After the 2019 federal election, Alberta premier Jason Kenney laid out his demands for Ottawa. He wanted Environment Minister Catherine McKenna, whom he called “anti-pipeline,” replaced with someone the oil companies could trust.

Prime Minister Trudeau tapped North Vancouver MP Jonathan Wilkinson, a former Saskatchewan bureaucrat and CEO of a company that partnered with ExxonMobil and Shell to develop gas recovery systems for refineries.

Now it seems Wilkinson’s job is to gaslight the public on oil sands expansion.

Since his appointment as Minister of Environment and Climate Change, Wilkinson has embarked on a media blitz to promote the taxpayer-funded Trans Mountain expansion, which would export crude oil via hundreds of tankers a year.

“There’s no inconsistency between ensuring that people have access to sell oil and gas products in the short term, while we go through the energy transition, and fighting climate change,” the minister intoned on CBC radio. “There’s absolutely no conflict.”

If Wilkinson were serious about fighting climate change, he would take a stand against fossil fuel expansion. Instead, he’s poised to approve an oil sands mine that would pump over a quarter-million barrels of bitumen into new pipelines.

Then and now

It was a warm fall evening in 2015. The church was packed. Candidates at the North Vancouver debate were joined on stage by celebrated climate change and policy experts Kathryn Harrison, Simon Donner and Nancy Olewiler. In the traditionally Conservative federal riding of North Vancouver, the mood had shifted dramatically in the leadup to the 2015 election.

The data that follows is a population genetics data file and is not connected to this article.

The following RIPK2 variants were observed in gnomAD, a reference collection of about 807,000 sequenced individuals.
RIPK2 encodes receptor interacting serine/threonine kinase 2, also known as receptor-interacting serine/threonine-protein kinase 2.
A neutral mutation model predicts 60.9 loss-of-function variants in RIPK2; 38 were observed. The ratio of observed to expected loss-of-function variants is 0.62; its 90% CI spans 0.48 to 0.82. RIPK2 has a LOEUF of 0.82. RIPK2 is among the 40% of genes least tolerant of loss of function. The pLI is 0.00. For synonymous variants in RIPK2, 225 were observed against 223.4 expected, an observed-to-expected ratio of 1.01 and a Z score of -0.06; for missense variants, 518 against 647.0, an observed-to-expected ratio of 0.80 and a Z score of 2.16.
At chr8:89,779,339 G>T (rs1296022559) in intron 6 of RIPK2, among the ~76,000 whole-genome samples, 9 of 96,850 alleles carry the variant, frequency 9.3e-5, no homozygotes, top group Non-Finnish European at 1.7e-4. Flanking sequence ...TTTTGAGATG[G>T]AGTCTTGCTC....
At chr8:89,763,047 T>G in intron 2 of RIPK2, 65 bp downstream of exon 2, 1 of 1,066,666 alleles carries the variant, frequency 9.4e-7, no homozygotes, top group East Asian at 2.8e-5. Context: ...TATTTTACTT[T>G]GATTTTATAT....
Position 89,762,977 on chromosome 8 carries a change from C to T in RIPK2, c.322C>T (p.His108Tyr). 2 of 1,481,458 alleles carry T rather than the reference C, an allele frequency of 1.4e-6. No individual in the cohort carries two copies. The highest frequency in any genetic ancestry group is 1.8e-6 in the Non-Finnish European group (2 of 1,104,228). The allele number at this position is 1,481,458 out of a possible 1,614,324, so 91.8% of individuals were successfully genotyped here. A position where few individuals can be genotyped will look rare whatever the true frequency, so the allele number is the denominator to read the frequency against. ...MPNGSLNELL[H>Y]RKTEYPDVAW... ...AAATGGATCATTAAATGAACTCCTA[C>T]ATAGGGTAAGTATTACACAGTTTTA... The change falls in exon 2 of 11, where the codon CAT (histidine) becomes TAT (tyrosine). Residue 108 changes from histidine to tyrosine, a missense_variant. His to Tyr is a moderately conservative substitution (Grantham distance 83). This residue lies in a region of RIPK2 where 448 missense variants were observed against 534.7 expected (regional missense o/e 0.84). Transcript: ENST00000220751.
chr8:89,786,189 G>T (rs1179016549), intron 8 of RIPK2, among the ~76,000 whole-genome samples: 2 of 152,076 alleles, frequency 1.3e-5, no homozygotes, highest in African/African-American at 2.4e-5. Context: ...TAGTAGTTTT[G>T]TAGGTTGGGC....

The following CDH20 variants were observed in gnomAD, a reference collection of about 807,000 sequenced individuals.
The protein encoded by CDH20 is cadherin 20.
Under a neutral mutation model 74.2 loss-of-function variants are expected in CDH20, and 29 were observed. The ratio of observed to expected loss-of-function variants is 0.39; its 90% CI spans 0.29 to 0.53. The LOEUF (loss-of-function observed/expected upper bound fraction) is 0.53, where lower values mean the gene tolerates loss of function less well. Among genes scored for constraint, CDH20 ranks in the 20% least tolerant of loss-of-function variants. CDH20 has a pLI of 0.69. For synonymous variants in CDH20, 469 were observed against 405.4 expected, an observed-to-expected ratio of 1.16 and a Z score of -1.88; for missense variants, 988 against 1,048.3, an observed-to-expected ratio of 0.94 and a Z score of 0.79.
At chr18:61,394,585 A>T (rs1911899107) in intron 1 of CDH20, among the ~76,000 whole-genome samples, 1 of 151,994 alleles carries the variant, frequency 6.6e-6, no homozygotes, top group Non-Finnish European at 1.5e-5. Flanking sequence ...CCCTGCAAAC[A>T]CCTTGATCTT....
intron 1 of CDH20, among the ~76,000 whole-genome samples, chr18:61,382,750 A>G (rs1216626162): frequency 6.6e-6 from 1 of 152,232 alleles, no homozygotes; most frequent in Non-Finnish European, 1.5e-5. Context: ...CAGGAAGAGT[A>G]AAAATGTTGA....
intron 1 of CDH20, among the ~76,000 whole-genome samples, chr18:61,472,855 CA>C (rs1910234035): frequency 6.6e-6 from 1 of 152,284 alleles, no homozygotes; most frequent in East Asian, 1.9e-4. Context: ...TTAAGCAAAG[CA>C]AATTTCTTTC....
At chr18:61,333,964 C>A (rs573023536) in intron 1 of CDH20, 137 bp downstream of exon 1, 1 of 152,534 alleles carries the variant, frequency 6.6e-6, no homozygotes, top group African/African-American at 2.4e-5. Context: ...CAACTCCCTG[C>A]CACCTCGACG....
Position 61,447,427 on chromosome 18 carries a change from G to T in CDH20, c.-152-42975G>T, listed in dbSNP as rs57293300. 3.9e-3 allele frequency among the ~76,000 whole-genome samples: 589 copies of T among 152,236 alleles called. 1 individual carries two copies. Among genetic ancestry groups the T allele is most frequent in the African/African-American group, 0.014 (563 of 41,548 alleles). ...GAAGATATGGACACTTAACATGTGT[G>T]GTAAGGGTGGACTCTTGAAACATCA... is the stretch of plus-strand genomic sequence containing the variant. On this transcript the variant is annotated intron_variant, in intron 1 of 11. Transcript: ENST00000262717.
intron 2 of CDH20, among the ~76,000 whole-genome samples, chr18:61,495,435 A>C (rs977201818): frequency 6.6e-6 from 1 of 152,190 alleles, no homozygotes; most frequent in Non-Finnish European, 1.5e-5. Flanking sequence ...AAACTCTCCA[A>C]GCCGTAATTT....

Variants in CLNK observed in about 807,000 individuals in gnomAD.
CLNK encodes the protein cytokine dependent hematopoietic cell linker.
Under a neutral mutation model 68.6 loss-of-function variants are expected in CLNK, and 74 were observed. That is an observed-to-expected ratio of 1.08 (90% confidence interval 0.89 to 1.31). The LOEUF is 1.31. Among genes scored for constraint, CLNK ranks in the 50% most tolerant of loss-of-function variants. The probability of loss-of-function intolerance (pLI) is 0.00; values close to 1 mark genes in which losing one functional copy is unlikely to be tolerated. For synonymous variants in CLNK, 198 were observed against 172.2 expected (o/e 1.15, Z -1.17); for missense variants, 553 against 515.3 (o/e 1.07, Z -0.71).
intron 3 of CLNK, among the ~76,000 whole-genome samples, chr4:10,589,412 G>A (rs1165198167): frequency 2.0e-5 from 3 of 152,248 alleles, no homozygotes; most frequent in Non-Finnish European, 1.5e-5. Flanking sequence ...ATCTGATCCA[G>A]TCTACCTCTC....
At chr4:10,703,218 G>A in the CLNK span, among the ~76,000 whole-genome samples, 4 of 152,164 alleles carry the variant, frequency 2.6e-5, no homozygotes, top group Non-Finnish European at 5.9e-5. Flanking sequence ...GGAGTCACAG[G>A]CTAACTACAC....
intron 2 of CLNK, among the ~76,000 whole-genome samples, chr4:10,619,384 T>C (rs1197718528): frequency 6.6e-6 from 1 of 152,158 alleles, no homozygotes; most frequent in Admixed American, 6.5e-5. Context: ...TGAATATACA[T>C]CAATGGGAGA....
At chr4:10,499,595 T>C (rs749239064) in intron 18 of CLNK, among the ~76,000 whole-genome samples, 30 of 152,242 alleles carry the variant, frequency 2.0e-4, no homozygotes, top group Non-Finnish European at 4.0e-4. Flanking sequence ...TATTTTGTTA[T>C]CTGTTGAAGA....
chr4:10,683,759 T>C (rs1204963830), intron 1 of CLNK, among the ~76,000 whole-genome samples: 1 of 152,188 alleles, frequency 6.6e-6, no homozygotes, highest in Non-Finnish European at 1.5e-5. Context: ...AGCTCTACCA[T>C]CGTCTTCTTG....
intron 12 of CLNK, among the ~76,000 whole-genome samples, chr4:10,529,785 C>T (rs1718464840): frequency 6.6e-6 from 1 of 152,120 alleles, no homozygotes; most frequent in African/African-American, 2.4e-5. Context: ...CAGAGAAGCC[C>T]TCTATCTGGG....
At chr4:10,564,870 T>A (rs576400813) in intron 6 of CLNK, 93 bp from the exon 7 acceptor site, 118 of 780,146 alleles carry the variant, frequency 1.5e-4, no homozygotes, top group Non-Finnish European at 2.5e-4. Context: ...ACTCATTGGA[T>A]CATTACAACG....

Looming large in the church sanctuary that night was the controversial Kinder Morgan pipeline expansion. The project would bring a seven-fold increase in tanker traffic: huge Aframax tankers that would barely fit under the Ironworkers Memorial Bridge, carrying diluted bitumen past the shores of the North Shore riding and its newly revitalized residential waterfront.

It was the first time many locals had heard from Jonathan Wilkinson, and he made an impression. His twenty years in “clean tech”, his overarching concern about climate change leading him to seek public office — he was talking the talk, and the crowd ate it up.

For folks in the pews at St. Andrews that October night, Wilkinson’s mention of “the transition” was music to their ears, conjuring images of wind farms and solar panels. Wilkinson the climate warrior, who had gone to battle first in the corporate sector, now turning to government as an even more effective way to advance his agenda.

“The world is going to be moving to a lower-carbon economy,” Wilkinson said over and over that fall. And while talking to the local Dogwood team at a meeting in November 2015: “It’s important to determine which sectors will be the new drivers for growth as fossil fuels recede in value. Our job includes how to create strategies and encourage new sectors for Canada’s economic future.”

Decades in ‘clean tech’

Before entering politics, Wilkinson held executive positions at QuestAir, Nexterra and BioteQ over a period of 16 years. At QuestAir, a major focus of the business was hydrogen recovery for oil refineries. As Exxon documents explain, QuestAir’s technology helped the global oil giant save money and expand production.